We Went to a Film Production Workshop and This is What We Learned

Have you ever wanted to change a scene or the ending of a movie you’ve watched because you thought they could have done a better job at directing, lighting, or acting? We bet it’s true! If you’re a regular moviegoer, you may have become a discreet movie critic on the side. However, have you ever wondered how do they do it behind the cameras?


The workshop happened inside the actual studio of Corporate Television.

To sum up what we learned from a Production Process Workshop conducted by Corporate Television’s Work of HeArt: producing films, even the shortest of its kind, is one tough and tedious work of art.

Aside from introducing us to basic terms, elements, the crew, and the process of film production, we also learned several other things from the workshop:

Don’t take rejection too seriously.


We took our note-taking seriously.

Don Carlo Capila, CTV’s Executive Producer, talked about pre-production, including meetings to begin everything and not taking rejection too seriously. Makes sense for life, in general! Don’t get sick of suggesting ideas during your meetings and always be open to new ideas. You may not be able to make everyone like and accept your ideas, but help always matters.

Use camera movements to tell your story better.

A leading man carries his dead leading lady and shouts her name in the air while the camera zooms out and gets a view of everything that happens – sound familiar? This kind of scene and camera movement is always present to add a more dramatic effect in Filipino teleseryes. We learned that this is because shot angles can enhance the viewer’s experiences and tell the story better. Aha, now we know!

Don Carlo adds, “Always start with a still shot, begin the pan, and finish with a still shot. If there is nothing worth seeing, then the pan isn’t worth shooting,”

Cranes are the secret to a bird’s eye view.

Cranes are used by movie directors for street scenes so they can shoot from above the crowd and the traffic, it looks as if the camera is swooping down from above. The speaker says it works and looks similar to a construction crane. It is typically used for high sweeping shots or to follow the action of your subject.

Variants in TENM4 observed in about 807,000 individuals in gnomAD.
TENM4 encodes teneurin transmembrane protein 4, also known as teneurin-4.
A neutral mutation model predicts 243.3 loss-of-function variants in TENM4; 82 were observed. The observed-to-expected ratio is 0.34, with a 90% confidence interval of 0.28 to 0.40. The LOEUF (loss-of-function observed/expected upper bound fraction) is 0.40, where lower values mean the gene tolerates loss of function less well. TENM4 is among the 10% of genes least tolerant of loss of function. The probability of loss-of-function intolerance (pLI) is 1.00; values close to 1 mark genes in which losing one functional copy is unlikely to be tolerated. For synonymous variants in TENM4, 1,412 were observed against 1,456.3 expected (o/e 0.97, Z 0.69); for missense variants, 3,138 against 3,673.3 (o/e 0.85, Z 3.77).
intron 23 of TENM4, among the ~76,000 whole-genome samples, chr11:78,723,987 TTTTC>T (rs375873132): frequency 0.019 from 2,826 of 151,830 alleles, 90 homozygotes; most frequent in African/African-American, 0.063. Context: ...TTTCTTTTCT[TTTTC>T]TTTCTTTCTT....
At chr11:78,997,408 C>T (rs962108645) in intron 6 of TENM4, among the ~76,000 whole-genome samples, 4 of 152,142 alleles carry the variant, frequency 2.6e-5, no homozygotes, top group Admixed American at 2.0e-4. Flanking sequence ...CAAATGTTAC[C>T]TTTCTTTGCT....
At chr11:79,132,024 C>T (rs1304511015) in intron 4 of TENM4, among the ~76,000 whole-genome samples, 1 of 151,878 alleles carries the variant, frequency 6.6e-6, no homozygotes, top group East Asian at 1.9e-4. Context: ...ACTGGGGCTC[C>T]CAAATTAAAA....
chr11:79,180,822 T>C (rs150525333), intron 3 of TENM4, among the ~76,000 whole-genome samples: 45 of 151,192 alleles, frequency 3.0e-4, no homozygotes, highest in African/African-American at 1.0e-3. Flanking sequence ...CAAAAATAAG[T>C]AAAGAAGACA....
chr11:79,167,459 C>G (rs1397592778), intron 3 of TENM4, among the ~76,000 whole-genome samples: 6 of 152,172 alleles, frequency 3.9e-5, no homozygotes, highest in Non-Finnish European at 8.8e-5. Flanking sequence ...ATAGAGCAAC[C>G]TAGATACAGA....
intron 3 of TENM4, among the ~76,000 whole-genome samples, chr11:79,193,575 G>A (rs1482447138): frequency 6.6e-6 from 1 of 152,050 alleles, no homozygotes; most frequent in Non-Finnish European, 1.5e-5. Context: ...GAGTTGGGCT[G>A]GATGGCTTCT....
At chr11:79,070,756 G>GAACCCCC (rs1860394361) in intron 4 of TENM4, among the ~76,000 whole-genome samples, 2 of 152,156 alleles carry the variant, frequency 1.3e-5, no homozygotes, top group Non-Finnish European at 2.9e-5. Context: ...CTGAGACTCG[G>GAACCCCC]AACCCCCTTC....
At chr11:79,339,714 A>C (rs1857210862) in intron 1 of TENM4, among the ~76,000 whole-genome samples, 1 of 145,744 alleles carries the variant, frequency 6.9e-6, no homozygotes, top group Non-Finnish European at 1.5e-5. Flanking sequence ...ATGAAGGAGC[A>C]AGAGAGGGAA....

Blocking is like a puzzle.


The workshop was very interactive!

As newbies curious about film production, we learned that blocking a scene is when they are working out the details of an actor’s moves in relation to the camera. We learned that all the elements on the set such as actors, extras, vehicles, crew, and equipment should move in perfect harmony with each other. Of course, the person responsible for this is the director. It’s like a puzzle because the directors need to keep working at it until the whole scene works. Sounds really challenging!

Never sacrifice doing your job for the time.

Our favorite takeaway was the folder system and keeping the files, audio, clips safe with backups, because, as with any other job, it makes a good sense. Katriel Fucoy, their Post Production head, says, “Sometimes, if you’re on set, you may be pressured to be turning cards (memory cards) over very fast, in which case you have to do the spot checks fast; but never sacrifice doing your job right for the time.” This means working smart and efficient while still producing good and organized results in the least amount of time. They also said that it helps if everyone is organized.

(ALSO READ: 5 Tips for Aspiring Artists from a Professional Travel Filmmaker and Photographer)

This was just one of Corporate Television’s series of helpful workshops and seminars for a cause leading to their main event on October 5, 2018 titled “Work of HeArt”, an exhibit and variety show. It includes live music, comedy hour, spoken word presentations and artworks sale from 7PM onwards.

This event aims to help Mano Amiga, a non-government organization that provides high quality, international standard education to underprivileged yet promising students. Here’s a chance to help those kids!

Work of Heart